Sen. Mark BegichMark BegichThe future of the Arctic 2016’s battle for the Senate: A shifting map Trump campaign left out of Alaska voter guide MORE’s (D-Alaska) campaign is changing an ad to remove references to a horrific crime in what some have referred to as a "Willie Horton-style" campaign ad.
The spot was intended to raise questions about his Republican challenger Dan Sullivan’s tenure as attorney general, but the victims’ family is calling for the ad to be taken down after it ignited controversy they say could bias an upcoming trial.
The ad suggests the suspect in the crime, Jerry Active, got off with a light sentence under Sullivan’s watch and otherwise would’ve still been behind bars when the 2013 crime was committed.
In the ad, Glen charges Sullivan let "a lot of sex offenders get off with light sentences."
"One of them got out of prison and is now charged with breaking into that apartment building, murdering a senior couple and sexually assaulting their 2-year-old granddaughter," Glen adds.
Sullivan immediately released an ad responding to Begich’s, calling the attack disgraceful. And his campaign released a timeline that showed the mistake that allowed Active to go free with a shortened sentence occurred before Sullivan was appointed as attorney general. Begich’s campaign released a timeline of its own, pointing to the fact that Sullivan’s name was on the actual plea agreement issued in 2010.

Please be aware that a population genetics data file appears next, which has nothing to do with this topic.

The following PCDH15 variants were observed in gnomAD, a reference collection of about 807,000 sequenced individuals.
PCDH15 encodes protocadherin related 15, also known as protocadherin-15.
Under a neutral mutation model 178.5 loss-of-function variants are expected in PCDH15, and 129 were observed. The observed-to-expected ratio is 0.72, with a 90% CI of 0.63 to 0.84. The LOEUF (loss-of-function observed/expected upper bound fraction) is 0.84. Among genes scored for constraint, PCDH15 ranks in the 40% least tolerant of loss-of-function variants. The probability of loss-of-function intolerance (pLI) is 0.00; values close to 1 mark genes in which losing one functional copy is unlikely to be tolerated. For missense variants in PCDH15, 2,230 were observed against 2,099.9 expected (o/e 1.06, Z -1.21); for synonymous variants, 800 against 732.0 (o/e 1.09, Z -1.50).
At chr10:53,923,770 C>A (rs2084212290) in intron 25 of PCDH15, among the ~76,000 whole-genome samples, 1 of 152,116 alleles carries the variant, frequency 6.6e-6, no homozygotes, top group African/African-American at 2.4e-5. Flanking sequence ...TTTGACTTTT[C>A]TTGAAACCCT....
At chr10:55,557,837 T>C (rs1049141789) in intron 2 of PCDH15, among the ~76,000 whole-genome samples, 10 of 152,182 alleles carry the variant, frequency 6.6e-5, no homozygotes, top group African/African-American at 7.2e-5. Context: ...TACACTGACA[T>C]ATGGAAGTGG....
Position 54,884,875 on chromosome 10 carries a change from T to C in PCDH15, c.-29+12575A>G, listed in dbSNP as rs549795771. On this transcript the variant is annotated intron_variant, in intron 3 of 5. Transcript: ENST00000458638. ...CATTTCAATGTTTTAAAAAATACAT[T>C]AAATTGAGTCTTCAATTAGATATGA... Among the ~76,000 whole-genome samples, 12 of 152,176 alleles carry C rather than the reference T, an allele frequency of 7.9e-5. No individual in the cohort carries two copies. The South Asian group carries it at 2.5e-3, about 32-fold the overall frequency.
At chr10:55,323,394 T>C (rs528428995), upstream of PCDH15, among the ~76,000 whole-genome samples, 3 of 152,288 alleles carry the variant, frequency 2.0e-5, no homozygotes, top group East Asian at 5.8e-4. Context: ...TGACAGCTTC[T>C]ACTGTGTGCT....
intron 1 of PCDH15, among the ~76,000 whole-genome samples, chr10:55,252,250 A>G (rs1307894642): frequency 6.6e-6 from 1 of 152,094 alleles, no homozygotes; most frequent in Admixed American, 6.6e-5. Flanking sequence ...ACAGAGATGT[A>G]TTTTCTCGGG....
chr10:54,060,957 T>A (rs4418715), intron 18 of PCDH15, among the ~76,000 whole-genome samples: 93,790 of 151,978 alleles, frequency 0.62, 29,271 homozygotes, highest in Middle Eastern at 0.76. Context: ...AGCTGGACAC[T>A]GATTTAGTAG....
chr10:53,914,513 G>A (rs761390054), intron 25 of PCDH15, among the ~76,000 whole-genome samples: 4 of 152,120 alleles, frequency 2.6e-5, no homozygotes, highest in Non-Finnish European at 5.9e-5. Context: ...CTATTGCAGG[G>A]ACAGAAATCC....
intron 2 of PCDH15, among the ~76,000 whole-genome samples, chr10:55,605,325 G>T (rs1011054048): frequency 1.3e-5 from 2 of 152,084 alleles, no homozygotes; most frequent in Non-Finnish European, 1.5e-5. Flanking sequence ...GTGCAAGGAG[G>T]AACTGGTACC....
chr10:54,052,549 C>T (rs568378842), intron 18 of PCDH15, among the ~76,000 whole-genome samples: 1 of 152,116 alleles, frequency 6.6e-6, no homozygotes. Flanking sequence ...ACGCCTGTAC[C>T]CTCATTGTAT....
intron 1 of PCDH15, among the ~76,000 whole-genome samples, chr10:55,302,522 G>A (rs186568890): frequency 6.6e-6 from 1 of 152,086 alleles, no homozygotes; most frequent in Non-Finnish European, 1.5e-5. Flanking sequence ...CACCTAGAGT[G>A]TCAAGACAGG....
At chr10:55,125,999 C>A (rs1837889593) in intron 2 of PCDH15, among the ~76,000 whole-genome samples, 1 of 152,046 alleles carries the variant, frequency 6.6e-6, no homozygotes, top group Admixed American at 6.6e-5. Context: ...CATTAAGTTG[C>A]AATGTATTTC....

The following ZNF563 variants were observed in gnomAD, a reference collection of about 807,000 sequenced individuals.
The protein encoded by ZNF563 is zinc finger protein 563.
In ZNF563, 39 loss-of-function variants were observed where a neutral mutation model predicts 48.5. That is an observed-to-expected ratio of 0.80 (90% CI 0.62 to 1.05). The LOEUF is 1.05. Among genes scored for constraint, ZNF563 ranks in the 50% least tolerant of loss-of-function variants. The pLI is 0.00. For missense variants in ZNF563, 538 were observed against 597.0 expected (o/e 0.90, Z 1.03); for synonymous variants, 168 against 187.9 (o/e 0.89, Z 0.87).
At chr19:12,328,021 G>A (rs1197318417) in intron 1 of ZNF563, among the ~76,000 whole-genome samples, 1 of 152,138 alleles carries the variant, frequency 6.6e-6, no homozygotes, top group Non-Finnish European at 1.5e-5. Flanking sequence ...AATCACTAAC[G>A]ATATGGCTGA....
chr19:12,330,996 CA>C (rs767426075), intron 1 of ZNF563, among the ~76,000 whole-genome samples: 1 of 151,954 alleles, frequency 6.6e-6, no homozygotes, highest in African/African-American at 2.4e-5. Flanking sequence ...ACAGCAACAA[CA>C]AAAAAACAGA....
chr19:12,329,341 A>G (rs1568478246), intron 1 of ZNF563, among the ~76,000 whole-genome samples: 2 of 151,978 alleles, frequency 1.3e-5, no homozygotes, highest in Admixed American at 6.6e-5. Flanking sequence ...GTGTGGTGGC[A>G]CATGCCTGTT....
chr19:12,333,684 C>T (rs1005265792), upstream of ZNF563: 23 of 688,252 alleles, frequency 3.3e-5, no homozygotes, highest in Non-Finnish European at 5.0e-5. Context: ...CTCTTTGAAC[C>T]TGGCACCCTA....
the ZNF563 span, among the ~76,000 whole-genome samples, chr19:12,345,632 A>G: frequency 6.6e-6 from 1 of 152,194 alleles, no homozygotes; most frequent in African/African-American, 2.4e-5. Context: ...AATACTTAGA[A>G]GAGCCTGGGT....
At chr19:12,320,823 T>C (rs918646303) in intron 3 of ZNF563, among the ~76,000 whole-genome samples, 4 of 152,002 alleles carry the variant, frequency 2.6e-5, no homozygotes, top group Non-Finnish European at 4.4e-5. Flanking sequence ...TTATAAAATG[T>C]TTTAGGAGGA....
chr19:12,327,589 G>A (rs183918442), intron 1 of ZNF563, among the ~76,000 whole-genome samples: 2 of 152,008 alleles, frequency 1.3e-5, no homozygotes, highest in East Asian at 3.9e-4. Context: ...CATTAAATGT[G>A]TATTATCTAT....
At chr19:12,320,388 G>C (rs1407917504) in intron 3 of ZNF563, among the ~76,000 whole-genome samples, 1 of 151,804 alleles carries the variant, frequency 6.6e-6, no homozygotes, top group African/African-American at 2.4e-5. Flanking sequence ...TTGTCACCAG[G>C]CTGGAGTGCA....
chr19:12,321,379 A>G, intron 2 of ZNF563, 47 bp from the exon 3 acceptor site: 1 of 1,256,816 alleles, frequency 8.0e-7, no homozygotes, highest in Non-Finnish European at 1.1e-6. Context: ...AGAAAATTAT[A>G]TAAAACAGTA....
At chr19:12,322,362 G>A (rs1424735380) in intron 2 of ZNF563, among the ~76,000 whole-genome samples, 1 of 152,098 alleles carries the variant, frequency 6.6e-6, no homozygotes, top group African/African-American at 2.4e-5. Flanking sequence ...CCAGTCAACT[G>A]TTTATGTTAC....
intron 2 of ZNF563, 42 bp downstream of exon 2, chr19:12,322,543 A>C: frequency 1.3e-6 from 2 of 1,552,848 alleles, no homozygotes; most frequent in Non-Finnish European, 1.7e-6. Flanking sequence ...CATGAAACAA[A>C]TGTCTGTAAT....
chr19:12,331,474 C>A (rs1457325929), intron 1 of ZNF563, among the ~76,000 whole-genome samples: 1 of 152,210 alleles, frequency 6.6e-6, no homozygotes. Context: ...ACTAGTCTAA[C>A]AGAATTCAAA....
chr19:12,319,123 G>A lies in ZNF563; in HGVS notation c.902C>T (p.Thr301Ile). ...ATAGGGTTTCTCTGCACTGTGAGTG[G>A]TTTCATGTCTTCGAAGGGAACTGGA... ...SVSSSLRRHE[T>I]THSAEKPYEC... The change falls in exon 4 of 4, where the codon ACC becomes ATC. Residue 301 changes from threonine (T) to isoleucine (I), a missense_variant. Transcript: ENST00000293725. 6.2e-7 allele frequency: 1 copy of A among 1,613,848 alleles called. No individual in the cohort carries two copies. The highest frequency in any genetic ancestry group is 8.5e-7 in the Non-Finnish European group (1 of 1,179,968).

"Mark Begich's lies about this tragedy are shameful," Sullivan says in his direct-to-camera response.
Following the release of both ads, however, an attorney for the victims’s family asked for the campaigns to take the ads down out of concern the publicity could affect the upcoming trial for the case, scheduled for this month.
While Sullivan’s campaign agreed and removed any reference to the case from its website, Begich’s campaign has temporarily taken the ad off air to be modified “to remove any potential reference to the pending criminal case,” according to a spokesman for Begich’s campaign.
But on Monday, the family’s attorney, Bryon Collins, issued a letter calling for the Begich campaign to "unconditionally order the removal of ALL ads and references to anything to do with the case," either directly or indirectly, and lambasting the senator for “playing pure politics at the expense of my clients.”
“You are tearing this family apart to the point that your ad was so shocking to them they now want to permanently leave the state as quickly as possible. Again, to be perfectly clear, it was your ad that shocked them,” Collins writes in the letter.